New Hampshire Senate Passes GOP-Backed Parental Rights Bill

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CONCORD, NH — A “parental bill of rights” that critics say is designed to target transgender youth passed Thursday by New Hampshire’s Republican-led Senate.

Much of the debate among lawmakers centered on provisions that require school officials, when asked by parents, to disclose that a child is using a different name or is referred to as a different gender.

Supporters said the bill would strengthen family relationships, while opponents argued that it violates the constitutional right to privacy and the state’s anti-discrimination laws.

Many states with Republican-controlled legislatures have enacted similar measures, fueled by the frustration of some parents with schools that were overflowing during the coronavirus pandemic. And in the US House of Representatives, a parental rights bill was the first legislation House Speaker Kevin McCarthy had formally announced, fulfilling an important part of the Party’s campaign platform. Republican last year.

New Hampshire Sen. Donovan Fenton, D-Keene, said the bill passed Thursday “will further fuel the transphobic and homophobic narrative that has begun to infiltrate our state from national interest groups.”

“Attacking and targeting of the LGBTQ+ community has increased across the country, and New Hampshire is no exception,” he said.

The state Senate bill passed 14-10 along party lines and now goes to the 400-member House, which has a slim Republican majority.

“We must value and support the loving relationships that exist in our New Hampshire families,” said Sen. Denise Ricciardi, R-Bedford. “Senate Bill 272 stands up for truth, love and family.”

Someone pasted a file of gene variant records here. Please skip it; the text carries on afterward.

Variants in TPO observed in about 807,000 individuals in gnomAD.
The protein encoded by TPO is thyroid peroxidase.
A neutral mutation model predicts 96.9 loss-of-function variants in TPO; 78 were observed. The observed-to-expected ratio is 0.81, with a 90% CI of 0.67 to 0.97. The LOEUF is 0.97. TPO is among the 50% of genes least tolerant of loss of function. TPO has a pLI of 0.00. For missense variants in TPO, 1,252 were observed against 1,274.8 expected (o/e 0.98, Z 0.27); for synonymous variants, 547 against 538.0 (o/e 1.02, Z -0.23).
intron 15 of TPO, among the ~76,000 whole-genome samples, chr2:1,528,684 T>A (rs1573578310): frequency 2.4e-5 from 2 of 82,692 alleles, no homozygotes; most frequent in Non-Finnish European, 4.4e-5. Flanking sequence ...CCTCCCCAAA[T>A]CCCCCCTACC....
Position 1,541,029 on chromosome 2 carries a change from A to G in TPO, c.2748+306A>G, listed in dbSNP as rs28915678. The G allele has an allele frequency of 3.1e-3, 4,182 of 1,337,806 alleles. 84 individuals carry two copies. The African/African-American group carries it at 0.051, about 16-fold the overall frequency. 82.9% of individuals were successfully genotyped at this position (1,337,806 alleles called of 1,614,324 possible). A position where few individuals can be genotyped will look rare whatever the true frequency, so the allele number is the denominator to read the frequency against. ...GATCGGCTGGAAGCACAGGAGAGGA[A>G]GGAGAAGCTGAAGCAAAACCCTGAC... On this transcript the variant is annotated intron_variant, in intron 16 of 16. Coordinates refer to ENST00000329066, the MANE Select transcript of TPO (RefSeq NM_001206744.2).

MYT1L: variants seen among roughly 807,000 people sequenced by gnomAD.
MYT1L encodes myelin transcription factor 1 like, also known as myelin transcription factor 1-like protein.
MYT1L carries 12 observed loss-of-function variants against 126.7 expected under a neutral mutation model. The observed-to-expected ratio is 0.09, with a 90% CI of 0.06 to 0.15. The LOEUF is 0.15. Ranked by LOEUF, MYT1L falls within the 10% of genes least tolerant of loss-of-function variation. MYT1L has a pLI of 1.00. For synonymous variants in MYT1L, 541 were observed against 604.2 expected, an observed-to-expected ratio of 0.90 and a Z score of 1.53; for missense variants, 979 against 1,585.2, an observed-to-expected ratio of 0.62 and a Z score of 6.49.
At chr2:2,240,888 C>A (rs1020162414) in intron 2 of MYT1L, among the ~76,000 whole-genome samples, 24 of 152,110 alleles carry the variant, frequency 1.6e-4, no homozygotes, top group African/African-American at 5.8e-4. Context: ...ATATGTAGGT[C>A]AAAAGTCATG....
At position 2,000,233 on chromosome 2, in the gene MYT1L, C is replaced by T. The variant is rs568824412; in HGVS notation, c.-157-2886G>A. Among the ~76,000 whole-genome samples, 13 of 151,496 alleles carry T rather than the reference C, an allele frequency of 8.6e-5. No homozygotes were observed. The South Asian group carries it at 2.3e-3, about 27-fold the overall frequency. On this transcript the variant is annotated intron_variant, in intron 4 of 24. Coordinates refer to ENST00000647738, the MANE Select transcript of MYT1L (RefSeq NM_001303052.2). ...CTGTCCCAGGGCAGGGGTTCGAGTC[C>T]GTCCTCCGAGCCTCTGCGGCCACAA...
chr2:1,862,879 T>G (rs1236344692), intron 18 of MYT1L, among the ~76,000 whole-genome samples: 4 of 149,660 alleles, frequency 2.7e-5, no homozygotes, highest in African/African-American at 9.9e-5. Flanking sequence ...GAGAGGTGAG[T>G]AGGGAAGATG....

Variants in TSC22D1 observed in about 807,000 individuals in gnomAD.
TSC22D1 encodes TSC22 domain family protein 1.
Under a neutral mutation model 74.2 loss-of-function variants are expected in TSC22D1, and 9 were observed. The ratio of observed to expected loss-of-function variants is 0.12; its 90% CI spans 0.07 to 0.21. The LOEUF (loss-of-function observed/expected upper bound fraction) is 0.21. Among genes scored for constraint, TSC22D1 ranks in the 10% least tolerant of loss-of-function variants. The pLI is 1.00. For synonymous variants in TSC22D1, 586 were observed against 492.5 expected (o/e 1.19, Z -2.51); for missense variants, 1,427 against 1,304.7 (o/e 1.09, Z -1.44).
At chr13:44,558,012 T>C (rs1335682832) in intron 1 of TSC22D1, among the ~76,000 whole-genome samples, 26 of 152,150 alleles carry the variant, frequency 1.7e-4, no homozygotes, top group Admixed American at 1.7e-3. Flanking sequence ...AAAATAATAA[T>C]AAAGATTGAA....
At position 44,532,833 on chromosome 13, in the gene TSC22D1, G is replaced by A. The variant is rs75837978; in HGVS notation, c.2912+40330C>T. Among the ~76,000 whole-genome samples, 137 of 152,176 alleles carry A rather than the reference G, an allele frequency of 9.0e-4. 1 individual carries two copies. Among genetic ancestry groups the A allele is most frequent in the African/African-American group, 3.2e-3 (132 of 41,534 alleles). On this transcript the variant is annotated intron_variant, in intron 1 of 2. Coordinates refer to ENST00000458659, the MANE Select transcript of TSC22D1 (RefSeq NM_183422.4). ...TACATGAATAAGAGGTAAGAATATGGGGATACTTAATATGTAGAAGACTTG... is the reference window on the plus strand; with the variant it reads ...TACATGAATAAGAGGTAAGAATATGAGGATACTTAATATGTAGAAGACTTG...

Bradford Republican Sen. Dan Innis, who is gay, said if a student is “visibly transitioning at school or visibly gay,” parents should hear it from teachers, not gossipy neighbors.

“I think this bill will create a situation where a student is less likely to be expelled by their peers, and more likely to happen in a way that is supportive of that child,” he said. “I can tell you that at 13 years old, I was also very confused and parental support would have been very helpful.”

But Democrats backed down, questioning who determines what is “visibly gay.”

“That is not the teacher’s job to determine for the individual. That is information for the person to disclose or not, when she is ready and when she feels comfortable,” said Sen. Becky Whitley, D-Hopkinston. “Who’s to decide when someone is moving into a different gender based on clothing, or just likes pink?”

The New Hampshire House of Representatives, which is considering its own parental rights legislation, killed a similar bill last year after Republican Gov. Chris Sununu vowed to veto it. He has not taken a position on the new bills.

The House was set to vote Thursday on a bill that would require multi-stall restrooms and locker rooms in K-12 public schools to be single-sex, but it was postponed due to building code concerns.

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